As you’ve baby-proofed and child-proofed your home, you’ve likely already covered the electrical sockets with plastic caps and installed child-safety locks on cabinet doors. However, it’s the hazards you don’t see until it’s too late that can be very dangerous for young children.
Be on the look out for these top ten hidden hazards in your home so you can fully protect your growing baby.
Small powerful magnets, if swallowed. If two or more are swallowed, they can attract one another inside the body. This can block, twist or tear the intestines. Keep toys and games with magnets away from children of any age. Check regularly for loose magnets and stop using any recalled products.
Your curious child may try to remove those tiny, round lithium button batteries from musical books, toys and stuffed animals. These little batteries are a choking hazard and can cause chemical burns to the esophagus and stomach. Learn which items in your home contain these batteries an check them to make sure the compartment is secure. Dispose of dead button batteries immediately, as they can still be dangerous.
Open windows look exciting to curious toddlers and kids. Opening the window is exceptionally dangerous if it’s on an upper level of a home or apartment. Install window guards to prevent windows from opening wide enough for a child to slip out. Keep cribs, play yards and beds away from windows. Use cordless blinds or get safety devices to cover the cords.
Most houseplants are safe and even help clean the air. There is one plant that’s particularly harmful if ingested, which is the colorful caladium plant. It’s toxic to both children and animals. The dirt, leaves, decorative rocks and other parts of a plant can be choking hazards, so consider keeping plants up high or consider removing them from your home.
One yank of a table runner and all the plates, dishes, knives and glasses could come crashing onto your child’s beautiful head. Remove tablecloths, runners and placemats or keep the table clear of heavy and fragile items.
Electrical appliances, outlets and cords don’t mix well with young children. Use furniture to keep cords and outlets out of your child’s reach. Use full-plate outlet covers. Check cords regularly and stop using anything with frays, cracks or worn spots.
The most common household cleaning supplies are poisonous. Keep these supplies on high shelves or in locked cabinets. Check the garage, bathroom, kitchen, hall closet and anywhere else these supplies might be discovered by a little one. Even natural cleaners such as ammonia, hydrogen peroxide and baking soda can cause harm to your child if inhaled or ingested.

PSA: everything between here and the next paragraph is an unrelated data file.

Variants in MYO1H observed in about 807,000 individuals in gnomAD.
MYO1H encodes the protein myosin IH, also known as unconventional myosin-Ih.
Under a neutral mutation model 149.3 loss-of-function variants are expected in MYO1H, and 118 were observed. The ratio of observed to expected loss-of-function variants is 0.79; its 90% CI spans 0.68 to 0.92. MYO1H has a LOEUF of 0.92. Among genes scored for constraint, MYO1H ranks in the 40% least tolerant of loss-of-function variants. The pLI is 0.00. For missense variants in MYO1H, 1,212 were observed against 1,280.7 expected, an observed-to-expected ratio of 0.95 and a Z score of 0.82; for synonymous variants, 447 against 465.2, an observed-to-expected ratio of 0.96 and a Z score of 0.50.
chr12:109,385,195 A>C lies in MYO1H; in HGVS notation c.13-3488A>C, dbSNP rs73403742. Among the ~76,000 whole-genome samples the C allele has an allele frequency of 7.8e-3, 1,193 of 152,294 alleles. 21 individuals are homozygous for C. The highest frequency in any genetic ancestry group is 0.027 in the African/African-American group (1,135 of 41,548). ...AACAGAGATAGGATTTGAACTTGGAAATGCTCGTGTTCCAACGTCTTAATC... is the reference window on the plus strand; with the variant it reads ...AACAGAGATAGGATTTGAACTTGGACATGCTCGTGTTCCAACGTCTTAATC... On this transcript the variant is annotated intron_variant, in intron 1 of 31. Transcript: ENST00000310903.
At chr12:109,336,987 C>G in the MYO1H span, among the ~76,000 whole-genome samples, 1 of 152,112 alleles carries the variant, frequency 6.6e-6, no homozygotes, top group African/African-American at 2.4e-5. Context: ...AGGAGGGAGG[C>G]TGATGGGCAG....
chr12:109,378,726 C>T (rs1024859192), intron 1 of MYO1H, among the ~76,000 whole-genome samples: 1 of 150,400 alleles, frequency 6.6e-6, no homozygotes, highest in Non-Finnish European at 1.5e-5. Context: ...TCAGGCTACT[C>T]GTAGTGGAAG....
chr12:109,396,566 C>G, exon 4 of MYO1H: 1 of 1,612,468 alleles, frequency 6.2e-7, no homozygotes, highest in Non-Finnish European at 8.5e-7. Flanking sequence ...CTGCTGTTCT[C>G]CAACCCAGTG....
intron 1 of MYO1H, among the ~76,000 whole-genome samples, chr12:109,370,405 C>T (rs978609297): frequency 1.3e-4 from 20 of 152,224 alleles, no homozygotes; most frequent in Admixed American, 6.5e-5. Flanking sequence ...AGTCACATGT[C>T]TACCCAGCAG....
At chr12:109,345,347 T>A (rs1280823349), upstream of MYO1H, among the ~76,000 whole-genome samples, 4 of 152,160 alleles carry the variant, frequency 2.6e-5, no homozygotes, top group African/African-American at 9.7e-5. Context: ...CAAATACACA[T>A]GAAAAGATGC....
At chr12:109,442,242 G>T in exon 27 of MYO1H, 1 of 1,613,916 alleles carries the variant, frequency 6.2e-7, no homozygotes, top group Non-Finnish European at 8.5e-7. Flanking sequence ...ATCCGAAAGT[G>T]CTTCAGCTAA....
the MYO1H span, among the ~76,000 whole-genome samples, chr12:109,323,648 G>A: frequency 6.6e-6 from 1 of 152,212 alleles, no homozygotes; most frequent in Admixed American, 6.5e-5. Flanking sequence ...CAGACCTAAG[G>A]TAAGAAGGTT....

Those new, convenient individual-wash detergent pods are one of the most dangerous items in the laundry room. They look like candy with their bright colors and fun shapes, but they’re highly toxic and present a choking hazard.
Kids move quickly and can easily climb on top of a dresser or bookcase. The weight of the child may cause the furniture to fall onto the child, with devastating results. To avoid this, solidly secure shelves, bookcases and chests of drawers to the wall by using anchors, bolts or brackets. Anchor large TVs to the wall or the TV stand. Free standing ranges, refrigerators and stoves should be installed with anti-tip brackets.
Suction from an in-ground or above-ground pool or spa drain can be powerful enough to trap a child or adult underwater. Check for broken drain covers and have regular inspections done by a qualified pool and spa safety inspector. Make sure the drain covers on your pool meet federal safety standards. Keep kids away from the pool’s plumbing, including the pipes, inlet and outlet drains.
You and anyone who spends time with your child should be aware of these hidden dangers. It only takes a few moments to look for and remove these hidden dangers from the home. Put yourself into your child’s position and examine your home from top to bottom to discover where the hazards could be. Investing a little time now could prevent a catastrophe from occurring in the future.
About the Author
Patricia Dimick is a wife, mom, advocate to her kid, writer, passionate coffee drinker, table tennis player, big fan of nature and DIY jobs. You can reach her @patricia_dimick.
Attached Photo: Image credit to Jed De La Cruz on Flickr
Do you have any additional items that you had to baby proof that aren’t normal things that you would have to hide or put up from your baby?
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